“As I look at a newly arrived MacBook Air laptop, it occurs to me there has never been a better time to switch to a Mac,” Dean Takahashi writes for The Mercury News.
“That’s not something I say lightly. With the exception of a couple of years working at a magazine, I have never been a Mac user. After all, I’m a game player and games on the Mac are always light years behind games on Windows. I’ve not been smitten by Steve Jobs’ famous ‘reality distortion field,’ and have decades behind me as a Microsoft user,” Takahashi writes.
MacDailyNews Take: Somehow, often unfortunately, some weird sense of greater authority is sometimes conferred by Windows sufferers upon those who wasted decades by making the wrong choice, stubbornly sticking with it, and then finally waking up. Now, there’s a “reality distortion field.”
Takahashi continues, “Apple’s success with the iPod and the iPhone have turned the world’s attention to the fact that Apple’s products have superior design and more cachet than anything in the PC world.”
MacDailyNews Take: Tens of millions of Mac users knew the facts long before iPod and iPhone were even conceived. Those late to the party like to use halo effects as excuses for their own long-term ignorance and/or stubbornness. Still, welcome, anyway. What took you so long?
Takahashi continues, “If you bought a Mac in the past, you couldn’t run thousands of applications on Windows. If I used a Mac, I would have to wait a long time to play a game after it was out on Windows. But the Parallels desktop software and other ‘virtualization’ technologies now allow you to run both the Mac OS and Windows on the same machine. You can press a button and switch. Parallels slows the machine somewhat, but some games are still playable on a Parallels-equipped machine.”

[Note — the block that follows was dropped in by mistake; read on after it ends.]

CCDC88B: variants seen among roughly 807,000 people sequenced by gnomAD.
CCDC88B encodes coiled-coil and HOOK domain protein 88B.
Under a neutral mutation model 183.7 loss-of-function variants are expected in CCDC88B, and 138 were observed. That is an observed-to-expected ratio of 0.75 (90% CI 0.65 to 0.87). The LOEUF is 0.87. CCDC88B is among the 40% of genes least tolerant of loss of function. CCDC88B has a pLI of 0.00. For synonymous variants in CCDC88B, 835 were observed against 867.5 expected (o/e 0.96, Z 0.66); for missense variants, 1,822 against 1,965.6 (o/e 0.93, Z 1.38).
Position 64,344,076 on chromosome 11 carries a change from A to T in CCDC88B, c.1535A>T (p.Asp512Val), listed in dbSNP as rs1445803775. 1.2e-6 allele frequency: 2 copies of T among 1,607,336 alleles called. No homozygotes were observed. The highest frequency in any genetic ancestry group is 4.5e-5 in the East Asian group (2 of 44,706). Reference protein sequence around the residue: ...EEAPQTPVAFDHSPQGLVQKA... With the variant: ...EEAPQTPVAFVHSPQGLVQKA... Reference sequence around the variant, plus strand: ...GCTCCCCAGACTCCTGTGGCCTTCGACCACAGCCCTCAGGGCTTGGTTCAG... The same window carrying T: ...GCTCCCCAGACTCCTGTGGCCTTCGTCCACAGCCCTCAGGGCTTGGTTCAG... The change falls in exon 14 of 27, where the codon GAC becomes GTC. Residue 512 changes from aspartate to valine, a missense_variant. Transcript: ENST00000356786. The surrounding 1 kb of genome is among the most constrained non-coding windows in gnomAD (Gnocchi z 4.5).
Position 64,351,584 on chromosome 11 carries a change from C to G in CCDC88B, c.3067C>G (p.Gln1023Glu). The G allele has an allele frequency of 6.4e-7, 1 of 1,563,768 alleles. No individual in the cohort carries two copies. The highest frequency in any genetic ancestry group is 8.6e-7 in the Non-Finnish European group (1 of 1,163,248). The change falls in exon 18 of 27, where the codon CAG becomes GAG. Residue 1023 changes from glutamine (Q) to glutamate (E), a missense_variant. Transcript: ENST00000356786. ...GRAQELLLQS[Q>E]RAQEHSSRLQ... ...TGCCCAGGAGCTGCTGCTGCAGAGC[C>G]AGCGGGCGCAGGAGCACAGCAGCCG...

MacDailyNews Take: We really have to question how much Takahashi knows about the Mac (see: wasted decades with Windows) as anyone trying to play a Windows game (or any Windows software) on a Mac knows that to achieve the best performance, you use Apple’s Boot Camp (built into Leopard) to run Windows natively, not slower virtualization. Apple’s MacBook Pro is the world’s fastest Windows notebook on the planet. Apple even ran national TV ads touting that fact, Dean. Boot Camp for performance, virtualization for convenience.
Takahashi continues, “You won’t find as many problems with spyware or viruses on the Mac OS. Based on Unix, it is more secure from the get go. Microsoft has been fixing its platform, starting with the recently released Service Pack 1 for Windows Vista. But there is still no guarantee that if you buy something for the PC, it’s going to work without any hassles.”
“Microsoft took more than five years to get Vista out the door, and now it is working on a project code-named Windows 7. But the rate of innovation at Apple is more impressive,” Takahashi writes.
“Mac sales are growing more than 40 percent a quarter, faster than the PC industry as a whole. Apple reports that 50 percent of the customers buying computers in its stores are new to the Mac platform. And Gartner expects that Apple will grow its share of the computer market from 6 percent in 2007 to 12 percent by 2011. I can remember not long ago that it had fallen to 2 percent. That’s a huge predicted swing in the market. Business users will still tilt the numbers toward Windows. But before you go off and buy that Vista machine, you should really think about moving to the Mac,” Takahashi writes.
Full article here.
MacDailyNews Take: These “it’s time to switch to Mac” articles are always welcome, of course, but the authors certainly shouldn’t be granted any extra authority for switching at this late date. They should get quite a bit less, in fact. And Windows sufferers who are relying on them should be wary of their criticisms, as these Johnny-Come-Lately Switchers often bring quite a bit of baggage and have a lot to learn about Macintosh. Instead of just figuring it out yesterday, those who’ve been telling people to just get a Mac for all these years were right all along.